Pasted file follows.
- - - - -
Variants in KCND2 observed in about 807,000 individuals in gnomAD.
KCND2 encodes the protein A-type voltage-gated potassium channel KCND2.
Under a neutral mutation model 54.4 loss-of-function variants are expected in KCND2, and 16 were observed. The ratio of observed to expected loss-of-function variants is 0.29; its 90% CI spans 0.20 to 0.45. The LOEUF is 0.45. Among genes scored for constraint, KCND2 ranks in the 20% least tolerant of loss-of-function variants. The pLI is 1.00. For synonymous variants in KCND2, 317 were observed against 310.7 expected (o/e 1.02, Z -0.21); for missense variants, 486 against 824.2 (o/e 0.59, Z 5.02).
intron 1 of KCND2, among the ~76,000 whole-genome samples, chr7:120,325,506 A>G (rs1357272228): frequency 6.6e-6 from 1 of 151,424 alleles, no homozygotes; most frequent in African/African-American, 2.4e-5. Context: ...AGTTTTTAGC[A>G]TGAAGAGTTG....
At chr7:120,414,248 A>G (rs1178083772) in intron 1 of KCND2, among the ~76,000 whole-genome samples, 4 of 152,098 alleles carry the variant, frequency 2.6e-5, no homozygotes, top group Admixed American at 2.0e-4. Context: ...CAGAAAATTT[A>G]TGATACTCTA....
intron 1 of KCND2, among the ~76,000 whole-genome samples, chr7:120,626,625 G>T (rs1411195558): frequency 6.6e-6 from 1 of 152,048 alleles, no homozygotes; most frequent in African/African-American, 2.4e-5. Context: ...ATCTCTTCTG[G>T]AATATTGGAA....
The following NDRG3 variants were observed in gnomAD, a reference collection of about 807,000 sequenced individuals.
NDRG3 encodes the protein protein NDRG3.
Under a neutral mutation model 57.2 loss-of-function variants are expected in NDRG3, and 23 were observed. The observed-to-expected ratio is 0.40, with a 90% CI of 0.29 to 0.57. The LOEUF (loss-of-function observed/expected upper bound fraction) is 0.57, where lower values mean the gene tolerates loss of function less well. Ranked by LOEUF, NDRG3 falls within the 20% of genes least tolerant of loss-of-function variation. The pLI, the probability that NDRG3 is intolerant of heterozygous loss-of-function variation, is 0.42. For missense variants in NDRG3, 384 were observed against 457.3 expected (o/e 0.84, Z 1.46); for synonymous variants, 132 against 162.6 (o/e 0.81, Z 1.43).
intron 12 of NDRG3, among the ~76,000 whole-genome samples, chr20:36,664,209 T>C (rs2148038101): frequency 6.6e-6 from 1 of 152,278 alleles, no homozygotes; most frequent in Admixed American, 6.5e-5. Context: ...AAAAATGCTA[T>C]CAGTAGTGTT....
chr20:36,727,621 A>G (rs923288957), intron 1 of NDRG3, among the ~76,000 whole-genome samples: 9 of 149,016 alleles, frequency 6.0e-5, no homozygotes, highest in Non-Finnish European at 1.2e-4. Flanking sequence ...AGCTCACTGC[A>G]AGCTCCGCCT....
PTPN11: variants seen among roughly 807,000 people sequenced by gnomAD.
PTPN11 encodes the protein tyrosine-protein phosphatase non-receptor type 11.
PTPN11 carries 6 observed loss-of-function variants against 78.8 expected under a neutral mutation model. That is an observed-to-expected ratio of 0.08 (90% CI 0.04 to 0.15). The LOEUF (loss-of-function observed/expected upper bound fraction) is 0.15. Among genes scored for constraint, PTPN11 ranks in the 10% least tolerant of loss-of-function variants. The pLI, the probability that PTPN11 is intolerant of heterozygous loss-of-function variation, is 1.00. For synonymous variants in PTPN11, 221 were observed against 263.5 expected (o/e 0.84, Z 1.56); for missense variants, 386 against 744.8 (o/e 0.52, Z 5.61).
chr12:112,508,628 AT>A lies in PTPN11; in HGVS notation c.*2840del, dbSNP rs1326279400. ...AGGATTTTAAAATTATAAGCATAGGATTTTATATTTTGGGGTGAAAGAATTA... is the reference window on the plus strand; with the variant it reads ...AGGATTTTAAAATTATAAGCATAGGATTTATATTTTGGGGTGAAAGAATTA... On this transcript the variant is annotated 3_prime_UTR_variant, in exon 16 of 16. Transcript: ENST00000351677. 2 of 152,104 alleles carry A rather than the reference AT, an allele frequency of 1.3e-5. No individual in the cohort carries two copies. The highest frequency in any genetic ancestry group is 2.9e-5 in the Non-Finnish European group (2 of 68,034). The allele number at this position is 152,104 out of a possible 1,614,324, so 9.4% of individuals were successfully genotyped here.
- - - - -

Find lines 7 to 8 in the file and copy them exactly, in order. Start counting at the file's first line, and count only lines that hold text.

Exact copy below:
The following NDRG3 variants were observed in gnomAD, a reference collection of about 807,000 sequenced individuals.
NDRG3 encodes the protein protein NDRG3.